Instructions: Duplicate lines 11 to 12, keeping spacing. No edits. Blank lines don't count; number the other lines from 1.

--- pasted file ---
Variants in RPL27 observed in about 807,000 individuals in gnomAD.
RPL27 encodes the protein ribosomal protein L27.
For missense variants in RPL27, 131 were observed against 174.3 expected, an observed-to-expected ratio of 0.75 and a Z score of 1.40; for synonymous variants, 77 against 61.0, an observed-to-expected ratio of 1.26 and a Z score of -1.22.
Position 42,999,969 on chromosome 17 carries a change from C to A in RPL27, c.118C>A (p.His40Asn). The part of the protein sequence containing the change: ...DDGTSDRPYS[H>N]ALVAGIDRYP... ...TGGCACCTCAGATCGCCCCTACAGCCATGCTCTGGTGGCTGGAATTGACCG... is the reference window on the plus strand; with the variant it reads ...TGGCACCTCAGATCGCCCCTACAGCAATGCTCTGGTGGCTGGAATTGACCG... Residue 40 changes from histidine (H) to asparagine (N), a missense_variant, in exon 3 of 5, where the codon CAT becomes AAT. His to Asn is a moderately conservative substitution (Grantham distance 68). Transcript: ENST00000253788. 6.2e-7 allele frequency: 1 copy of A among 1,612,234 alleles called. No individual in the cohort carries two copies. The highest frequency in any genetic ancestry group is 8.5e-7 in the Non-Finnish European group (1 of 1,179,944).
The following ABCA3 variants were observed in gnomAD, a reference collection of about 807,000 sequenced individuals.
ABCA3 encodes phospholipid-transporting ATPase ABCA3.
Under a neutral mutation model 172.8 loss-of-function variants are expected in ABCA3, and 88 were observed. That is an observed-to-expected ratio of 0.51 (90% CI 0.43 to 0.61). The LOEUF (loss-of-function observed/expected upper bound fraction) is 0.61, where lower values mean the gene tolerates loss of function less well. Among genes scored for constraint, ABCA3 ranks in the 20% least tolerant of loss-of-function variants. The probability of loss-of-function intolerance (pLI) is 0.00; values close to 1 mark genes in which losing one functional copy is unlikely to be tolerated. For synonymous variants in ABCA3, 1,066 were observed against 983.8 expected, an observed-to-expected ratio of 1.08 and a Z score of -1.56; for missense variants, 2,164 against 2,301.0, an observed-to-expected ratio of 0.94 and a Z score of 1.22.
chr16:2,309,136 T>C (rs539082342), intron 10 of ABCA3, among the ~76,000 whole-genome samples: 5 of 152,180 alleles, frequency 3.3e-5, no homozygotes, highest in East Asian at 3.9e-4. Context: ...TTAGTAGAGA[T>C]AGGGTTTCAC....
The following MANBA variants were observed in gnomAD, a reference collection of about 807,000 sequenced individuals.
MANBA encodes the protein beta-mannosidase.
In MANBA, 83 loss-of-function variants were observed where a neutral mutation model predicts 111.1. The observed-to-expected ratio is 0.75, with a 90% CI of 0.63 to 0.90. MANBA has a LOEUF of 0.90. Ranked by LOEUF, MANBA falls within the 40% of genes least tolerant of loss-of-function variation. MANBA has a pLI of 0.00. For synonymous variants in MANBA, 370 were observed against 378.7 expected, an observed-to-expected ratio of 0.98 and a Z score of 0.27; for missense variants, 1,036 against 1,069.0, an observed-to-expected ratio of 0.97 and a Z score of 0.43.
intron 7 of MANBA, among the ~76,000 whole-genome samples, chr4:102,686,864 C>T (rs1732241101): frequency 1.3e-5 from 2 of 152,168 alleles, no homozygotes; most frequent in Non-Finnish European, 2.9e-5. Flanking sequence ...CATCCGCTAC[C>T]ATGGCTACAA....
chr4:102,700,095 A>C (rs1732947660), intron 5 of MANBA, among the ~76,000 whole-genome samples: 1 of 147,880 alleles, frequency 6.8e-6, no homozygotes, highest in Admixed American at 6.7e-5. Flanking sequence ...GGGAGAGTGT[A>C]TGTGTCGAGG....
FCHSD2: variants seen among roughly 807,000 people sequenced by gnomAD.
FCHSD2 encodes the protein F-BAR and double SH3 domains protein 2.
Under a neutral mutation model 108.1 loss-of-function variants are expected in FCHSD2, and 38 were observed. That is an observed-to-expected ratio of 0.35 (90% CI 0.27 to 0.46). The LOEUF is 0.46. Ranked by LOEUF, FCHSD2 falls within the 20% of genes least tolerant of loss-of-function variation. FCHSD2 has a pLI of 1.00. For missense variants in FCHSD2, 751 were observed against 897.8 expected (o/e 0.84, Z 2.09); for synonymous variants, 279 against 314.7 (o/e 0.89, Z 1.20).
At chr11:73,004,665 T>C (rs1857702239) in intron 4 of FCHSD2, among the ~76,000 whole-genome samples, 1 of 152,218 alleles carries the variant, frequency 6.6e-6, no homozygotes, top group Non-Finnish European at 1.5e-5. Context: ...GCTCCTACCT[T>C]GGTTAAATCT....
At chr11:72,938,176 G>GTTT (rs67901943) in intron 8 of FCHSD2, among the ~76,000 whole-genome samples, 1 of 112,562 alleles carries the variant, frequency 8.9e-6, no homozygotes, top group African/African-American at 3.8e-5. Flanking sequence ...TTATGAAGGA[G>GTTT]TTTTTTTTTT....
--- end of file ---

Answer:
In MANBA, 83 loss-of-function variants were observed where a neutral mutation model predicts 111.1. The observed-to-expected ratio is 0.75, with a 90% CI of 0.63 to 0.90. MANBA has a LOEUF of 0.90. Ranked by LOEUF, MANBA falls within the 40% of genes least tolerant of loss-of-function variation. MANBA has a pLI of 0.00. For synonymous variants in MANBA, 370 were observed against 378.7 expected, an observed-to-expected ratio of 0.98 and a Z score of 0.27; for missense variants, 1,036 against 1,069.0, an observed-to-expected ratio of 0.97 and a Z score of 0.43.
intron 7 of MANBA, among the ~76,000 whole-genome samples, chr4:102,686,864 C>T (rs1732241101): frequency 1.3e-5 from 2 of 152,168 alleles, no homozygotes; most frequent in Non-Finnish European, 2.9e-5. Flanking sequence ...CATCCGCTAC[C>T]ATGGCTACAA....